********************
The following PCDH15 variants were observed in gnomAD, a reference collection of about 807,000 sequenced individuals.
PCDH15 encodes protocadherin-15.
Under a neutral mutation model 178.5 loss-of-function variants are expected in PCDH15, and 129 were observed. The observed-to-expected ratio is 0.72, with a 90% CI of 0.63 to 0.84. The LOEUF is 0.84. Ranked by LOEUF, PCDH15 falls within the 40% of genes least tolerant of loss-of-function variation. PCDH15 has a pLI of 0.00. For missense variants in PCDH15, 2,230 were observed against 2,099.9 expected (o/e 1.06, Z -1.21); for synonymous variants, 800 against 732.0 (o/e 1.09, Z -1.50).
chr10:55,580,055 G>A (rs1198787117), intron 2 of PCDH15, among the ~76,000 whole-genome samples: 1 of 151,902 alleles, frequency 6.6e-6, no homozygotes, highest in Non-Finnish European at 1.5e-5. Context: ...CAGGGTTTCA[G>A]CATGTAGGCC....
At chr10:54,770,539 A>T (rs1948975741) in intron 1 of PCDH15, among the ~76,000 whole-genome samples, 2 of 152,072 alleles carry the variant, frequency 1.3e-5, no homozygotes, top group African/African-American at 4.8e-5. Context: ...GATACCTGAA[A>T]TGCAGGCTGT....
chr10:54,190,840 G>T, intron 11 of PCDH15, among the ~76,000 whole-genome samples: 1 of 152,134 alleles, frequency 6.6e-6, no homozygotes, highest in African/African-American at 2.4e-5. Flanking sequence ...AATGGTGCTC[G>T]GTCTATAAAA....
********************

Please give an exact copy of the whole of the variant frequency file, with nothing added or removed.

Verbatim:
The following PCDH15 variants were observed in gnomAD, a reference collection of about 807,000 sequenced individuals.
PCDH15 encodes protocadherin-15.
Under a neutral mutation model 178.5 loss-of-function variants are expected in PCDH15, and 129 were observed. The observed-to-expected ratio is 0.72, with a 90% CI of 0.63 to 0.84. The LOEUF is 0.84. Ranked by LOEUF, PCDH15 falls within the 40% of genes least tolerant of loss-of-function variation. PCDH15 has a pLI of 0.00. For missense variants in PCDH15, 2,230 were observed against 2,099.9 expected (o/e 1.06, Z -1.21); for synonymous variants, 800 against 732.0 (o/e 1.09, Z -1.50).
chr10:55,580,055 G>A (rs1198787117), intron 2 of PCDH15, among the ~76,000 whole-genome samples: 1 of 151,902 alleles, frequency 6.6e-6, no homozygotes, highest in Non-Finnish European at 1.5e-5. Context: ...CAGGGTTTCA[G>A]CATGTAGGCC....
At chr10:54,770,539 A>T (rs1948975741) in intron 1 of PCDH15, among the ~76,000 whole-genome samples, 2 of 152,072 alleles carry the variant, frequency 1.3e-5, no homozygotes, top group African/African-American at 4.8e-5. Context: ...GATACCTGAA[A>T]TGCAGGCTGT....
chr10:54,190,840 G>T, intron 11 of PCDH15, among the ~76,000 whole-genome samples: 1 of 152,134 alleles, frequency 6.6e-6, no homozygotes, highest in African/African-American at 2.4e-5. Flanking sequence ...AATGGTGCTC[G>T]GTCTATAAAA....